Vehicle Comparisons

Fiat 500 C

Fiat 500 C

The open-topped Fiat 500C has done well for Fiat, but time rolls on and this car now faces tougher competition from some more affordable rivals. Hence the need for the package of revisions we're going to look at here which has brought the Italian brand's convertible bambino bang up to date.

Neither the engine range or the driving experience have really changed with this updated model. Drive dynamics though, are a virtual irrelevance to lots of Fiat 500C buyers. They'll have already fallen in love with the car in a brochure, on a TV ad or upon seeing one in the street. Nevertheless, the car promises to be fairly adept on the road with the same basic set-up as the hard-topped 500, a chassis that's also shared with the Fiat Panda and Ford Ka. The petrol-only engine range opens with a 69bhp 1.2-litre petrol but those seeking a little more thrust will step up to the 85bhp TwinAir or the pokier version of this unit which has 105bhp. The 1.4-litre turbocharged petrol Abarth sporting models also continue. A choice of transmissions is available, with the 500C getting a five-speed manual gearbox as standard while presenting customers with the option of upgrading to the Dualogic robotised gearbox. Fiat's fuel saving Start&Stop technology is also included.

Fiat has kept exterior styling tweaks to the minimum with this improved model. Up front, there's a sleeker chrome grille that sits below revised headlights and is positioned at more of an angle than before. Between these two elements are smarter daytime running lights, with a shape that echoes the zeros of the '500' logo. Rounding the front off are updated chrome trims and a ribbed bonnet that that looks a little more stylish. At the rear, there are smarter tail lights that incorporate a body-coloured panel in the centre. This has meant the reversing and fog lights have moved from the clusters to the lower rear bumper. Your Fiat dealer will also offer you a more fashionable choice of wheels, graphic packages and paint colours to round off the updates.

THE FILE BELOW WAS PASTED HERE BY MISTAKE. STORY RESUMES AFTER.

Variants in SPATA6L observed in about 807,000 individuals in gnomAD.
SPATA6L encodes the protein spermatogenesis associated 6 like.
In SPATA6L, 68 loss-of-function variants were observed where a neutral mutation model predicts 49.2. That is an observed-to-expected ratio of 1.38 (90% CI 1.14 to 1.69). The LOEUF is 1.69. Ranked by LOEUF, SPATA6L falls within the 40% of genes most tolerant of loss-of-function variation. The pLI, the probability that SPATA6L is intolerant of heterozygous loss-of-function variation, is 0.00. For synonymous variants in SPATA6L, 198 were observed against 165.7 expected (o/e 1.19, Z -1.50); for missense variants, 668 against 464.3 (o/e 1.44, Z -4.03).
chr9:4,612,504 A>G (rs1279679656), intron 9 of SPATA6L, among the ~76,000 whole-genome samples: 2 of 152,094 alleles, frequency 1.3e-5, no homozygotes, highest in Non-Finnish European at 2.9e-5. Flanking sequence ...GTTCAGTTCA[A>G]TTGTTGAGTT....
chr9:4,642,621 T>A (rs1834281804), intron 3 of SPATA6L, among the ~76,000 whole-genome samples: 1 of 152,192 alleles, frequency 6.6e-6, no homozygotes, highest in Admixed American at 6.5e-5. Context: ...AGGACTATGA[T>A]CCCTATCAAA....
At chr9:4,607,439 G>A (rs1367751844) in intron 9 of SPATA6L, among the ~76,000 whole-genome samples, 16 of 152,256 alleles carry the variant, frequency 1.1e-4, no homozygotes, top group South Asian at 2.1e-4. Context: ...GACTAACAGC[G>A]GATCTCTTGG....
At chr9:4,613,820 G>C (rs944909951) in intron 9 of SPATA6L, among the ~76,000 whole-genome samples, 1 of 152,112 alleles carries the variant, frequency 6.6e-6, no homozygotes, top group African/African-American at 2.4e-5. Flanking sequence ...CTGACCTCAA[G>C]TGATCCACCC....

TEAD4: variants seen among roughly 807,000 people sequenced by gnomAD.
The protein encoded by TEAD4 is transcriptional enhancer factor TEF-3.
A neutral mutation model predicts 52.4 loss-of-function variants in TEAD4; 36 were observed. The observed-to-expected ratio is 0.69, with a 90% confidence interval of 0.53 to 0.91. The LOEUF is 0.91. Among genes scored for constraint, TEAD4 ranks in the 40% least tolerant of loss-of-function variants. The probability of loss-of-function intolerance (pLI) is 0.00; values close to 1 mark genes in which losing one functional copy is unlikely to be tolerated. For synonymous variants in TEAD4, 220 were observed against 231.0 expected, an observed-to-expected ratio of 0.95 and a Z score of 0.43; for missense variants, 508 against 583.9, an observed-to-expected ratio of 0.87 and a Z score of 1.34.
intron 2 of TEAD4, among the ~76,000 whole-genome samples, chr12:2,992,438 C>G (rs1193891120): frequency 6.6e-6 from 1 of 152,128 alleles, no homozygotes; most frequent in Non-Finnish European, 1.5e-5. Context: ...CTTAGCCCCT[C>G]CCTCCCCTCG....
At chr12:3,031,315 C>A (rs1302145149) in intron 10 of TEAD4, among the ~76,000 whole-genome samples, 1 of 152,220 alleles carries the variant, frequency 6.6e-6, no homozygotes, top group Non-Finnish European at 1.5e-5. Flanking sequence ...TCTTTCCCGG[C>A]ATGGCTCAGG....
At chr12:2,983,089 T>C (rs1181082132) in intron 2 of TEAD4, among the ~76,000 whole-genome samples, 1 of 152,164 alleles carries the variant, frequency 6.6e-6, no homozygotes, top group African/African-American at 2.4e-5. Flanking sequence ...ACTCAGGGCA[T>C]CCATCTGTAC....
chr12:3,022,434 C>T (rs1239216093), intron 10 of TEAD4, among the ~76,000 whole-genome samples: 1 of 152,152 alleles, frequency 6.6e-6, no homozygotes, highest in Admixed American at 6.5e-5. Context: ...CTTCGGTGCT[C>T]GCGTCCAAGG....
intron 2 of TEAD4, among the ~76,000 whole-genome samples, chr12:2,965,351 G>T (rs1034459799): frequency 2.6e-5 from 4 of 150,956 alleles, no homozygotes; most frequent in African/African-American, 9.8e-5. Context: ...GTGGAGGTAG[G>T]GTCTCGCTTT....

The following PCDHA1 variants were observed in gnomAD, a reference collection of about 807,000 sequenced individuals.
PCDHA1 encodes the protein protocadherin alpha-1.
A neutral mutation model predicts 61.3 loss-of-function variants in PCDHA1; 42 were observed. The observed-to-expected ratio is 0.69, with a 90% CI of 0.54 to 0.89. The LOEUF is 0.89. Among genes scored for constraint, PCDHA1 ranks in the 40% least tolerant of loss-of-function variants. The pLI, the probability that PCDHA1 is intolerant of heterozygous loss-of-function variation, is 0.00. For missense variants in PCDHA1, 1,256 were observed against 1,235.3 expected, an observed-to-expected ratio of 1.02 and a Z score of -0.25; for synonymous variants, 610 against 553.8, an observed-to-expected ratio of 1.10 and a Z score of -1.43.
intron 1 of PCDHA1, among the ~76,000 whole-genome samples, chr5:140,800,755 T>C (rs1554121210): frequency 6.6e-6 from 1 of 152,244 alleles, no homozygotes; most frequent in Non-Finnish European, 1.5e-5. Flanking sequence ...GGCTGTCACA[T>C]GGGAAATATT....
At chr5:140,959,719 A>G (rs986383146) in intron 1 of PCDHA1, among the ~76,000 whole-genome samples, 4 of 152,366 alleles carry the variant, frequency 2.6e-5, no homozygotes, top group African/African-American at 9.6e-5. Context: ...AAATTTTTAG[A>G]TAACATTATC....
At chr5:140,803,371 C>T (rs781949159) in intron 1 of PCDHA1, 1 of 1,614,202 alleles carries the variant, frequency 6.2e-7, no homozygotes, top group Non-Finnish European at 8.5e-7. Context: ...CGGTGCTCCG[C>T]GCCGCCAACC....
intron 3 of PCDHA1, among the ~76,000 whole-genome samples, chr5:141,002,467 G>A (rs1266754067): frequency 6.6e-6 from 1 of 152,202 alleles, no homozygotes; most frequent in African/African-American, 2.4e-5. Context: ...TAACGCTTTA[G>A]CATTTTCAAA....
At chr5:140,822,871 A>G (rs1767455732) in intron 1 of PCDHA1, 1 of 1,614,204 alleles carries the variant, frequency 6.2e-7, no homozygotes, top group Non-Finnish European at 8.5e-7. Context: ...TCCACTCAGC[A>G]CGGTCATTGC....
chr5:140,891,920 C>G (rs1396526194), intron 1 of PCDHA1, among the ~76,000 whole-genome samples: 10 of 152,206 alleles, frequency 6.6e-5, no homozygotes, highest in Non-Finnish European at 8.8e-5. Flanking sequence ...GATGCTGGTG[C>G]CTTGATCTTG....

As before, this convertible model pays homage to the original 500 cabriolet of 1957. It's better to think of the roof arrangement as a huge canvas sunroof rather than a full folding canopy. At the touch of a button, the entire centre section of the roof retracts into a concertinaed bundle just above the boot. It's not the most elegant piece of engineering but the sight of car with its roof retracted adds to the retro appeal and with the roof-up, it's tough to tell a convertible 500 from a hard-top one. The roof itself features a glass rear window and is available in a choice of colours, so buyers can personalise their car.

The simple roof arrangement also means that there's a decent amount of room in the rear seats of the 500C. There are some convertible cars twice the size of the little Fiat that are stingier with the legroom they lay on for passengers in the back. Delicious design details drip from the 500's interior. It's like a tiny pearl, especially when the ivory finish is specified. There's a very well-judged blend of retro chic and ruthlessly modern contemporary design inside, with circular head restraints and neat 500C badging on the Panda-sourced dashboard. Chrome-ringed vents and a fascia that can be specified in the same colour as the body are other highlights. As part of the updates, buyers now get a clever 7-inch TFT 'Uconnect' information screen in the centre of the dash.